CAMBRIDGE, Mass.—In a “groundbreaking” preclinical study using the healing power of the body’s own immune system to treat human papilloma virus (HPV)-associated head and neck squamous cell carcinoma (HNSCC), biopharmaceutical Cue Biopharma Inc. says it has demonstrated the ability of its lead biologic candidate, CUE-101, to activate tumor antigen specific antitumor immunity right on target. The preclinical study, based on the manuscript by Steven Quayle et al, was published in January 2020 in Clinical Cancer Research, a journal of the American Association for Cancer Research.
“The preclinical and ex-vivo human translational data presented in this paper underscore the promising potential for the current, ongoing clinical study evaluating CUE-101 monotherapy in HPV-driven head and neck cancer,” states Dr. Anish Suri, president and chief scientific officer of Cue Biopharma.
“If successful, treating HPV-driven head and neck cancer with CUE-101 would not only provide a potential treatment option for a patient population with a huge unmet need, but would open the door to treat other HPV-driven cancers, such as cervical, anal, vulvar and penile cancers,” he adds. “The impact of CUE-101, if proven to work, is significant as it lays the foundation for us to expand our biologics platform by changing the tumor antigen peptide, a specific sequence of amino acids within the protein framework, thereby effectively targeting a different T cell subset for a different tumor indication.”
The peer-reviewed journal article reports that, “Human papilloma virus (HPV)-associated head and neck squamous cell carcinoma (HNSCC) is emerging as a global epidemic. Despite recent approvals of immunotherapy drugs for the treatment of HNSCC and the limited clinical success that has been reported with therapeutic vaccines and CAR-T and adoptive cell therapies, metastatic disease remains largely incurable.
“The observation of objective clinical responses in early trials testing adoptive cell therapy with gene-engineered T cells targeting HPV16 E7 supports the concept that a single T cell specificity can lead to antitumor activity in patients with HPV16-driven cancers,” the journal authors conclude.
Oncogenic HPV is responsible for many cervical and anal cancers, as well as HNSCC. Approximately 70 to 80 percent of HPV-driven oropharyngeal cancers in the United States are HPV16/18 driven, and their incidence continues to rise, the article states. Prophylactic HPV vaccines have no therapeutic effect on established disease, thus HPV infections are expected to continue, contributing to the global cancer burden.
Recent studies suggest that HPV+ cancers may be successfully targeted with T cell therapy, wherein adoptive transfer of tumor-infiltrating or genetically engineered T cells was shown to induce responses in HPV-associated cancer patients, providing proof of concept that a therapeutic strategy that increases the frequency of tumor antigen specific T cells may be sufficient to drive clinical benefit in this population, the authors state.
Unlike current autologous approaches such as CAR-T that involve a cumbersome process of ex-vivo manipulation and expansion of T cells, Cue’s injectable biologics can selectively modulate disease-specific T cells within the body on two distinct cues presented by the natural immune response, including recognition of foreign agents and a signal to either stimulate or inhibit the activity of disease-relevant T cells.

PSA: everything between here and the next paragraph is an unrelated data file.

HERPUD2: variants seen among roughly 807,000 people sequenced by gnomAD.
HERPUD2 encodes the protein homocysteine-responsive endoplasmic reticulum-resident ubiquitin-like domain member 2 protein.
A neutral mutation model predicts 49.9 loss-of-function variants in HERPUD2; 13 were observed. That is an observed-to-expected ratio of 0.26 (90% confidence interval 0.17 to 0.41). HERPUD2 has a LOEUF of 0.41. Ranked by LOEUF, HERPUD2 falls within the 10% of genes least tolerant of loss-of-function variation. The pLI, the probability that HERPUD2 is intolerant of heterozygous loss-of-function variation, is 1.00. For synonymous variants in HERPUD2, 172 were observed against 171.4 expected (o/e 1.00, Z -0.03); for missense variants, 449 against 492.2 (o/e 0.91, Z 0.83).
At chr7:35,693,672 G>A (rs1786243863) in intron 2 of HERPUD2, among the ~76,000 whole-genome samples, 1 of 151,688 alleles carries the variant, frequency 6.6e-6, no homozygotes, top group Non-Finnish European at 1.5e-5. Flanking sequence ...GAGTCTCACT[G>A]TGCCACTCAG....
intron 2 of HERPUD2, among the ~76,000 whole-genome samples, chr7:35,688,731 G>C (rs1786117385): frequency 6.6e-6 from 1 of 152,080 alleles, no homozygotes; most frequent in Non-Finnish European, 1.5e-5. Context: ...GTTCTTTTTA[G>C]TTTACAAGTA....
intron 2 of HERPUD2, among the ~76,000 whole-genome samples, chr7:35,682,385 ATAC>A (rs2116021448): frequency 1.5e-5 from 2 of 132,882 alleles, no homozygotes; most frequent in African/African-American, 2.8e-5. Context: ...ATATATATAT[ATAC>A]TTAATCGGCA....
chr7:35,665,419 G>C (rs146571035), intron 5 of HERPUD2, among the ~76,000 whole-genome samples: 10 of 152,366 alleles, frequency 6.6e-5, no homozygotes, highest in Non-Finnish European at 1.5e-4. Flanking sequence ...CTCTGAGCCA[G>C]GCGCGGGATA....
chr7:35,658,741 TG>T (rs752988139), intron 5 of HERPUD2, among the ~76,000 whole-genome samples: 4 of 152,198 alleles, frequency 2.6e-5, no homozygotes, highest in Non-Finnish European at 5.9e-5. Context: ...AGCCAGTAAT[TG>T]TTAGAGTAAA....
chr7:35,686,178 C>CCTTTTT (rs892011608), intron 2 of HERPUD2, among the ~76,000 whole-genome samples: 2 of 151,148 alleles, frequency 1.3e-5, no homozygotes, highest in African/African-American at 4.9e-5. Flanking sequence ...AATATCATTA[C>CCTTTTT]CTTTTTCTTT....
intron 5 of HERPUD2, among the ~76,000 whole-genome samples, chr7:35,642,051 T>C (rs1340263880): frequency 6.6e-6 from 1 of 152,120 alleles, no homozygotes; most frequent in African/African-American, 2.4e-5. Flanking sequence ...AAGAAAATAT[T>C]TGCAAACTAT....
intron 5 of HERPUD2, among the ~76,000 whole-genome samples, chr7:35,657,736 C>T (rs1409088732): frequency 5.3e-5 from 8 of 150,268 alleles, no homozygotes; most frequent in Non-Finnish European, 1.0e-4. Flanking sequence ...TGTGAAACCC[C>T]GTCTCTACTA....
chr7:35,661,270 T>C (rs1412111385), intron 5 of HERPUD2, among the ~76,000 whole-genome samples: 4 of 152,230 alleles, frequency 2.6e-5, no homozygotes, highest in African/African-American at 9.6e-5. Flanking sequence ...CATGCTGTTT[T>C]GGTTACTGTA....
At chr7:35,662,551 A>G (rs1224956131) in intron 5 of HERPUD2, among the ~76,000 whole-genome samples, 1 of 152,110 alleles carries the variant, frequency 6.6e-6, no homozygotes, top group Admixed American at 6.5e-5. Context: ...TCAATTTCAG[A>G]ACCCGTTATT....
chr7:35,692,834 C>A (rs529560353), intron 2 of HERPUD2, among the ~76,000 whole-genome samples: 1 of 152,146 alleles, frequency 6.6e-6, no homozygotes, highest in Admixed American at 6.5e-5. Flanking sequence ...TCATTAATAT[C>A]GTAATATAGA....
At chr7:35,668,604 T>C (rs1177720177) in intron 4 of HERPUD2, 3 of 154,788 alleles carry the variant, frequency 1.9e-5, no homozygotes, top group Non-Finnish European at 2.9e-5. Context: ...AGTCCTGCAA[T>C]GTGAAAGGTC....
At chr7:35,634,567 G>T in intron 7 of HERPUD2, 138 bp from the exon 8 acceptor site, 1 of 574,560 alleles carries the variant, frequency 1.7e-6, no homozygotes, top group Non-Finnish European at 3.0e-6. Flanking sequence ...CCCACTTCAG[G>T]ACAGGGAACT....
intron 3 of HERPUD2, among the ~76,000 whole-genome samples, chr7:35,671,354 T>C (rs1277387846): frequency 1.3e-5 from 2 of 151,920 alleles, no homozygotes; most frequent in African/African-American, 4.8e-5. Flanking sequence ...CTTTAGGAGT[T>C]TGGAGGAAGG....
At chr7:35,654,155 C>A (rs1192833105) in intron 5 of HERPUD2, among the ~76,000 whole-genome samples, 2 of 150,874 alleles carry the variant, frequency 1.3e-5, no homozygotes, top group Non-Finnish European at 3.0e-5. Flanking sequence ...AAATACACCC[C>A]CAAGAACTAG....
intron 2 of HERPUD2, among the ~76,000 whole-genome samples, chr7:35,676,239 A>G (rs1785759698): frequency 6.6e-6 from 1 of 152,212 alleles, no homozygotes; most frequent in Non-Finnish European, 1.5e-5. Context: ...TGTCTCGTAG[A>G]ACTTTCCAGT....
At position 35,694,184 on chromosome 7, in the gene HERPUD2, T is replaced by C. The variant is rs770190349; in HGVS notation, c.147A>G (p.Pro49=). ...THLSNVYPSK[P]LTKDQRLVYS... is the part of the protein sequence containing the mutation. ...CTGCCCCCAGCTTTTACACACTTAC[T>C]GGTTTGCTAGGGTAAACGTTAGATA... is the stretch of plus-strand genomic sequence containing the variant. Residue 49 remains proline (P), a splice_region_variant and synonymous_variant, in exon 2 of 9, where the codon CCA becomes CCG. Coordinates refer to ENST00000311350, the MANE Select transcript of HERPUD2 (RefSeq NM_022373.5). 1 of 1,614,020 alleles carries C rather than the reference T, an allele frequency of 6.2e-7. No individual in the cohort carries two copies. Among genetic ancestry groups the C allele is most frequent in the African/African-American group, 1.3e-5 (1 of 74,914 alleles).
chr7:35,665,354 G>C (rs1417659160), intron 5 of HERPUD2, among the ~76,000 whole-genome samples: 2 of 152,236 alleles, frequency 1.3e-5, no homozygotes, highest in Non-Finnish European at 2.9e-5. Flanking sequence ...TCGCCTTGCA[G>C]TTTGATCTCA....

This marks the first-time disease relevant T cells have been engaged in vivo to attack cancer, the paper states. These biologics also differ from other IL-2 based therapeutics and bispecific antibodies because the construct is potentially more selective and provides better control over T cell modulation.
According to Cue, the potentially game-changing research highlights the ability of its proprietary Immuno-STAT (Selective Targeting and Alternation of T cells) platform to selectively engage and modulate targeted T cells within the body. CUE-101 is from the company’s IL-2 based CUE-100 series designed to directly engage and activate T cells to target HPV16-driven recurrent/metastatic HNSCC.
The published preclinical results show that CUE-101 demonstrated selective binding, activation and expansion of the disease-relevant human T cell population in vitro—plus predict a favorable safety profile.
A murine surrogate molecule (mCUE-101) administered to HPV16 E7 tumor-bearing mice resulted in selective expansion of disease-relevant T cells, anticancer efficacy and immunologic memory.
CUE-101 is currently being studied in a Phase 1 clinical trial for HPV16-driven HNSCC. The Phase 1 trial is evaluating the safety and tolerability, anti-tumor response, pharmacokinetics and immunogenicity of CUE-101 as a monotherapy in patients with confirmed HPV16-driven recurrent/metastatic HNSCC and HLA-A*02:01 serotype.
Based on results from this trial, including translational pharmacodynamic immunorofiling data, CUE may expand the study to test CUE-101 in the neoadjuvant setting in combination with checkpoint inhibitors in patients with HPV16-driven HNSCC.
“In the future, it is my hope that CUE-101 is found to successfully select and activate HPV16-specific anti-tumor T cells in humans following our Phase 1 study,” Suri remarks. “CUE-101 is injected directly into the patient’s body and is engineered to target and activate T cells against a specific HPV epitope, which eventually should generate a potent anti-tumor T cell response against head and neck cancers and other epithelial cancers driven by HPV.”
HPV-driven cancers account for more than 20,000 deaths each year in the U.S. and Europe. The majority of these cancers are driven by HPV16, which carries the E7 protein targeted by CUE-101. Despite treatment with current standards of care, approximately 50 percent of patients with advanced disease will experience recurrence and significant quality of life impact.